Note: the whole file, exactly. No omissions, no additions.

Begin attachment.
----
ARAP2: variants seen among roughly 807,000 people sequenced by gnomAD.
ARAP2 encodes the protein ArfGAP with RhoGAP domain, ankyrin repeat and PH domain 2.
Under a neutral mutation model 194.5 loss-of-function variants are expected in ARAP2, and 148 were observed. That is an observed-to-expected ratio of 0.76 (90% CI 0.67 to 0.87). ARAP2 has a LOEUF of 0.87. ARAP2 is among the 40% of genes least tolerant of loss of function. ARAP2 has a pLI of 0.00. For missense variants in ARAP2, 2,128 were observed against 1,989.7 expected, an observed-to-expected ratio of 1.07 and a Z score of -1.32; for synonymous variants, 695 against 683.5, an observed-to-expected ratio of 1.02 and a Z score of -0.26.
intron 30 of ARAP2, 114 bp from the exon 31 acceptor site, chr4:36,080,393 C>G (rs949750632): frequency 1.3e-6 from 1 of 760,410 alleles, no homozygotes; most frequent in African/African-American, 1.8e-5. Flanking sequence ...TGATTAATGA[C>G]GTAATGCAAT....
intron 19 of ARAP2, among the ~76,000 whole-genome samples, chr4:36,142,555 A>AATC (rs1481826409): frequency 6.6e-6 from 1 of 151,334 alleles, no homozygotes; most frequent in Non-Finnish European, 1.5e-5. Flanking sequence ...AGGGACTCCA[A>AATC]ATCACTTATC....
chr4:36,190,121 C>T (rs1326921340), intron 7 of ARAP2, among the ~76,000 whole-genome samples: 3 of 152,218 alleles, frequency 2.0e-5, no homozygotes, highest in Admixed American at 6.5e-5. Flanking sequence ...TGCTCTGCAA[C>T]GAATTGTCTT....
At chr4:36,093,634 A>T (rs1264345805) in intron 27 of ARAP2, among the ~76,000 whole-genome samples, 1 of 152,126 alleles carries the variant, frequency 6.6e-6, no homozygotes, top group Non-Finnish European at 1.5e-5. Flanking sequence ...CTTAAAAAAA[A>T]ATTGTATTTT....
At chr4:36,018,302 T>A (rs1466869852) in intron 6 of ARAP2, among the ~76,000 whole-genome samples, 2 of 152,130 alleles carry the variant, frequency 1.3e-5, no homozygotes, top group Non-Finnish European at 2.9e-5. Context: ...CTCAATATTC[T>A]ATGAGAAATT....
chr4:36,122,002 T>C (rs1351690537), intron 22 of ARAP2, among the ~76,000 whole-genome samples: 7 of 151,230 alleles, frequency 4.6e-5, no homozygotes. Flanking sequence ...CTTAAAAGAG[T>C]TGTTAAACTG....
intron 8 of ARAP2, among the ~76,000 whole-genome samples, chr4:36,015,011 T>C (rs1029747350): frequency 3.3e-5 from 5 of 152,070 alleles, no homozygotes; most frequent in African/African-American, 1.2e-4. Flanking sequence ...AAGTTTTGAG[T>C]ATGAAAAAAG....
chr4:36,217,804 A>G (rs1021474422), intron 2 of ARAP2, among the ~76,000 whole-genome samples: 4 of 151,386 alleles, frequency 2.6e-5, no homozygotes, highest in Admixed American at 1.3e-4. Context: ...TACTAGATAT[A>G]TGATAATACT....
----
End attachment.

ARAP2: variants seen among roughly 807,000 people sequenced by gnomAD.
ARAP2 encodes the protein ArfGAP with RhoGAP domain, ankyrin repeat and PH domain 2.
Under a neutral mutation model 194.5 loss-of-function variants are expected in ARAP2, and 148 were observed. That is an observed-to-expected ratio of 0.76 (90% CI 0.67 to 0.87). ARAP2 has a LOEUF of 0.87. ARAP2 is among the 40% of genes least tolerant of loss of function. ARAP2 has a pLI of 0.00. For missense variants in ARAP2, 2,128 were observed against 1,989.7 expected, an observed-to-expected ratio of 1.07 and a Z score of -1.32; for synonymous variants, 695 against 683.5, an observed-to-expected ratio of 1.02 and a Z score of -0.26.
intron 30 of ARAP2, 114 bp from the exon 31 acceptor site, chr4:36,080,393 C>G (rs949750632): frequency 1.3e-6 from 1 of 760,410 alleles, no homozygotes; most frequent in African/African-American, 1.8e-5. Flanking sequence ...TGATTAATGA[C>G]GTAATGCAAT....
intron 19 of ARAP2, among the ~76,000 whole-genome samples, chr4:36,142,555 A>AATC (rs1481826409): frequency 6.6e-6 from 1 of 151,334 alleles, no homozygotes; most frequent in Non-Finnish European, 1.5e-5. Flanking sequence ...AGGGACTCCA[A>AATC]ATCACTTATC....
chr4:36,190,121 C>T (rs1326921340), intron 7 of ARAP2, among the ~76,000 whole-genome samples: 3 of 152,218 alleles, frequency 2.0e-5, no homozygotes, highest in Admixed American at 6.5e-5. Flanking sequence ...TGCTCTGCAA[C>T]GAATTGTCTT....
At chr4:36,093,634 A>T (rs1264345805) in intron 27 of ARAP2, among the ~76,000 whole-genome samples, 1 of 152,126 alleles carries the variant, frequency 6.6e-6, no homozygotes, top group Non-Finnish European at 1.5e-5. Flanking sequence ...CTTAAAAAAA[A>T]ATTGTATTTT....
At chr4:36,018,302 T>A (rs1466869852) in intron 6 of ARAP2, among the ~76,000 whole-genome samples, 2 of 152,130 alleles carry the variant, frequency 1.3e-5, no homozygotes, top group Non-Finnish European at 2.9e-5. Context: ...CTCAATATTC[T>A]ATGAGAAATT....
chr4:36,122,002 T>C (rs1351690537), intron 22 of ARAP2, among the ~76,000 whole-genome samples: 7 of 151,230 alleles, frequency 4.6e-5, no homozygotes. Flanking sequence ...CTTAAAAGAG[T>C]TGTTAAACTG....
intron 8 of ARAP2, among the ~76,000 whole-genome samples, chr4:36,015,011 T>C (rs1029747350): frequency 3.3e-5 from 5 of 152,070 alleles, no homozygotes; most frequent in African/African-American, 1.2e-4. Flanking sequence ...AAGTTTTGAG[T>C]ATGAAAAAAG....
chr4:36,217,804 A>G (rs1021474422), intron 2 of ARAP2, among the ~76,000 whole-genome samples: 4 of 151,386 alleles, frequency 2.6e-5, no homozygotes, highest in Admixed American at 1.3e-4. Context: ...TACTAGATAT[A>G]TGATAATACT....